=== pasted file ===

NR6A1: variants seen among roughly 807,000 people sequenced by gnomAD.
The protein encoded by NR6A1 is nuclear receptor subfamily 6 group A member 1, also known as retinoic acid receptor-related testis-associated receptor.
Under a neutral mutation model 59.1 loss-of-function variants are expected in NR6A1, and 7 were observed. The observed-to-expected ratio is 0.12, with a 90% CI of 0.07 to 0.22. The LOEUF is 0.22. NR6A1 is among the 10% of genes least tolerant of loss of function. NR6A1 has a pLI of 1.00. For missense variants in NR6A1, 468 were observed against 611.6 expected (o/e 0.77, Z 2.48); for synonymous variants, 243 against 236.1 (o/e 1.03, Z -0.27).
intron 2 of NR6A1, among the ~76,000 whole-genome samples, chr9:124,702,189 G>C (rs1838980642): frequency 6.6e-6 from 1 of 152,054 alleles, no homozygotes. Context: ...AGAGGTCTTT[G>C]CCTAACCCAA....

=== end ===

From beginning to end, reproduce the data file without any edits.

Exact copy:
NR6A1: variants seen among roughly 807,000 people sequenced by gnomAD.
The protein encoded by NR6A1 is nuclear receptor subfamily 6 group A member 1, also known as retinoic acid receptor-related testis-associated receptor.
Under a neutral mutation model 59.1 loss-of-function variants are expected in NR6A1, and 7 were observed. The observed-to-expected ratio is 0.12, with a 90% CI of 0.07 to 0.22. The LOEUF is 0.22. NR6A1 is among the 10% of genes least tolerant of loss of function. NR6A1 has a pLI of 1.00. For missense variants in NR6A1, 468 were observed against 611.6 expected (o/e 0.77, Z 2.48); for synonymous variants, 243 against 236.1 (o/e 1.03, Z -0.27).
intron 2 of NR6A1, among the ~76,000 whole-genome samples, chr9:124,702,189 G>C (rs1838980642): frequency 6.6e-6 from 1 of 152,054 alleles, no homozygotes. Context: ...AGAGGTCTTT[G>C]CCTAACCCAA....